Three centuries before Christus. Young Cabiria is kidnapped by some pirates during one eruption of the Etna. She is sold as a slave in Carthage, and as she is just going to be sacrificed to... See full summary »
It's New Year's Eve. Three drunkards evoke a legend. The legend tells that the last person to die in a year, if he is a great sinner, will have to drive during the whole year the Phantom ... See full summary »
Intolerance and its terrible effects are examined in four historical eras. In ancient Babylon, a mountain girl is caught up in the religious rivalry that leads to the city's downfall. In Judea, the hypocritical Pharisees condemn Jesus Christ. In 1572 Paris, unaware of the impending St. Bartholomew's Day Massacre, two young Huguenots prepare for marriage. Finally, in modern America, social reformers destroy the lives of a young woman and her beloved. Written by
Erik Gregersen <email@example.com>
On 9 November 2001, the newly-built Kodak Theatre Complex at Hollywood Boulevard and Highland (in Hollywood) had its grand opening (it is the new permanent home for the Annual Academy Awards event and began with the 74th Annual Academy Awards on 24 March 2002). The tall archway standing in the Babylon Court of the complex is copied from designs from this film, as are the elephant statues, each of which weighs 33,500 pounds. See more »
Tire tracks during the chariot race sequence. See more »
The Mountain Girl:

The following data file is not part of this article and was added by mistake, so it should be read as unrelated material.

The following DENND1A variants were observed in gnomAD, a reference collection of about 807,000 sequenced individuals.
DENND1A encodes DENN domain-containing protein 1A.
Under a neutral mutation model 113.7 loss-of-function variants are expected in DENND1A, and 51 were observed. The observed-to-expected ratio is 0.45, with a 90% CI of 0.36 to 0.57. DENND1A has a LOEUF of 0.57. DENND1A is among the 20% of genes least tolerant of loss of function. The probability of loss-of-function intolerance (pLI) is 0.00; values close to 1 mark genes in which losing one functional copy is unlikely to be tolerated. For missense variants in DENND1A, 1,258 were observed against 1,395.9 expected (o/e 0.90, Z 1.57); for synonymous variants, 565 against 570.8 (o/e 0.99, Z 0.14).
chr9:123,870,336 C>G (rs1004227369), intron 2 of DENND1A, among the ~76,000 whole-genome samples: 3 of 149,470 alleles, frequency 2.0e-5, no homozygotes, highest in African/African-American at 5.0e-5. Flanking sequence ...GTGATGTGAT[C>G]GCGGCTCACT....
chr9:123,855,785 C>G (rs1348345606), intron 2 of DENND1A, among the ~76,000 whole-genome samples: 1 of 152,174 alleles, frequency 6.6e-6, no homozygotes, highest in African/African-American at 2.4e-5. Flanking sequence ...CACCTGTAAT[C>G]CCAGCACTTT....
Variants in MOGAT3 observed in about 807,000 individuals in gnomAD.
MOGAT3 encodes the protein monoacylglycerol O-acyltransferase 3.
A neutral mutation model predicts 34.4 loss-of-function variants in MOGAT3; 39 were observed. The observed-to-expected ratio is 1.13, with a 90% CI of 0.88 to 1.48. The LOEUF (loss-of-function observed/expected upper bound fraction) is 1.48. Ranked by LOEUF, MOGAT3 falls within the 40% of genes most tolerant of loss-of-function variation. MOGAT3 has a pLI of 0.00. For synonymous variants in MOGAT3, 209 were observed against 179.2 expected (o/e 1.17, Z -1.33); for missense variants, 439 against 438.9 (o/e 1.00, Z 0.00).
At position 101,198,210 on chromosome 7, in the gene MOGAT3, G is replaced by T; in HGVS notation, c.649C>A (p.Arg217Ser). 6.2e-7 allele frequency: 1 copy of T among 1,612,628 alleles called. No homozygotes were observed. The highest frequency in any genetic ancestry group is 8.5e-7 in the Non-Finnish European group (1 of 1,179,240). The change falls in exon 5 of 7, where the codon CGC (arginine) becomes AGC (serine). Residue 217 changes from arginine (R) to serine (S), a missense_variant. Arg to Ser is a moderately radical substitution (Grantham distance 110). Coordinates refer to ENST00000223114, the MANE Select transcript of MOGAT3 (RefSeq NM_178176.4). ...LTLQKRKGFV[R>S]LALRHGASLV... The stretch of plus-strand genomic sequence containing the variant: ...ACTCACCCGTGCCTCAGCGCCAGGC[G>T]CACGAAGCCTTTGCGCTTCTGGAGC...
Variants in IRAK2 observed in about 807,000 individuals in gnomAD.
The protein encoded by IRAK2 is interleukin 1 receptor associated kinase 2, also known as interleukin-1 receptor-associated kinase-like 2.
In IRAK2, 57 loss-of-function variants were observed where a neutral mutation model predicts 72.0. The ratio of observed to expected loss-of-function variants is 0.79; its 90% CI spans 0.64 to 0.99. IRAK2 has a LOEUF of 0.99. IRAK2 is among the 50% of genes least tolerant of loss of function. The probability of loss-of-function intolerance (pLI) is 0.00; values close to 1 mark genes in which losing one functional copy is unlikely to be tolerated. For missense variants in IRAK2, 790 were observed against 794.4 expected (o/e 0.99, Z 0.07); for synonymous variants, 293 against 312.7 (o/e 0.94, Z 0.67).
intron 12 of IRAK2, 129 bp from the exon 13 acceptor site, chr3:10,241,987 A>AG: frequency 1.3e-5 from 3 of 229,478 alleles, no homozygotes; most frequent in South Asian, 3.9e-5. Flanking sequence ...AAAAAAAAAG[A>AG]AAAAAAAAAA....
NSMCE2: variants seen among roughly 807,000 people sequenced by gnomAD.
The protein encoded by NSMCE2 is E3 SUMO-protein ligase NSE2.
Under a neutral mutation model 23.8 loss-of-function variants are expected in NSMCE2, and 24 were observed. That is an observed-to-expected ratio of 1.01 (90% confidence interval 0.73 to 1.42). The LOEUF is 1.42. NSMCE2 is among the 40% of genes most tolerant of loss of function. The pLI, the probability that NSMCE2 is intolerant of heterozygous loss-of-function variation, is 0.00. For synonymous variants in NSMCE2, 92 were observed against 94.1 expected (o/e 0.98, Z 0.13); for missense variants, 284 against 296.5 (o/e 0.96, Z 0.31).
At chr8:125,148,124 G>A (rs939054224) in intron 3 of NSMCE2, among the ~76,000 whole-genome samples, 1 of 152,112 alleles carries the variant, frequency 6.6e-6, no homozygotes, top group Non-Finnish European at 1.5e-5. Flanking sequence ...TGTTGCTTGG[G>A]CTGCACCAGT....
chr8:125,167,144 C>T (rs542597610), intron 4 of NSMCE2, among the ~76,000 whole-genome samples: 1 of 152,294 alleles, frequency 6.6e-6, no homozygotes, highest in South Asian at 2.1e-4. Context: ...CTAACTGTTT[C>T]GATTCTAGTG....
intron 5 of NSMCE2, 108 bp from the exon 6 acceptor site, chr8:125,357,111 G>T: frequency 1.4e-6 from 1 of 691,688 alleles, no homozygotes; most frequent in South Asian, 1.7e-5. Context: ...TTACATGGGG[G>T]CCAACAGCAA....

Put away thy perfumes, thy garments of Assinnu, the female man. I shall love none but a soldier.
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Constance Talmadge is credited as 'Georgia Pearce' for her performance as Marguerite de Valois in the French Story. She is credited under her own name in the role of The Mountain Girl in the Babylonian Story. See more »
I put off seeing "Intolerance" for years, fearing that the bloated, silent epic would be more of a punishment than a reward. I was surprised by how intelligent and spectacular a movie it was. The parallels between the ages ancient, present, and in between are fascinating, and it's a shame to think that no filmmaker since 1916 has attempted a historical, epic, poem so grand. It would be easy to dismiss parts of the film, but that would be treason to its creator. It is a comment on the eternal struggle of goodness against it's adversary intolerance, a message to the future that we will never evolve without admitting this. Ninety years later,it seems that we haven't come that far, if we've made any progress at all. Some of the sights are remarkable: Babylon, the heavenly final sequence, the worker's strike, Christ, chariots... Too bad Griffith is mostly remembered for his vision of Klan and black culture in "Birth of a Nation".
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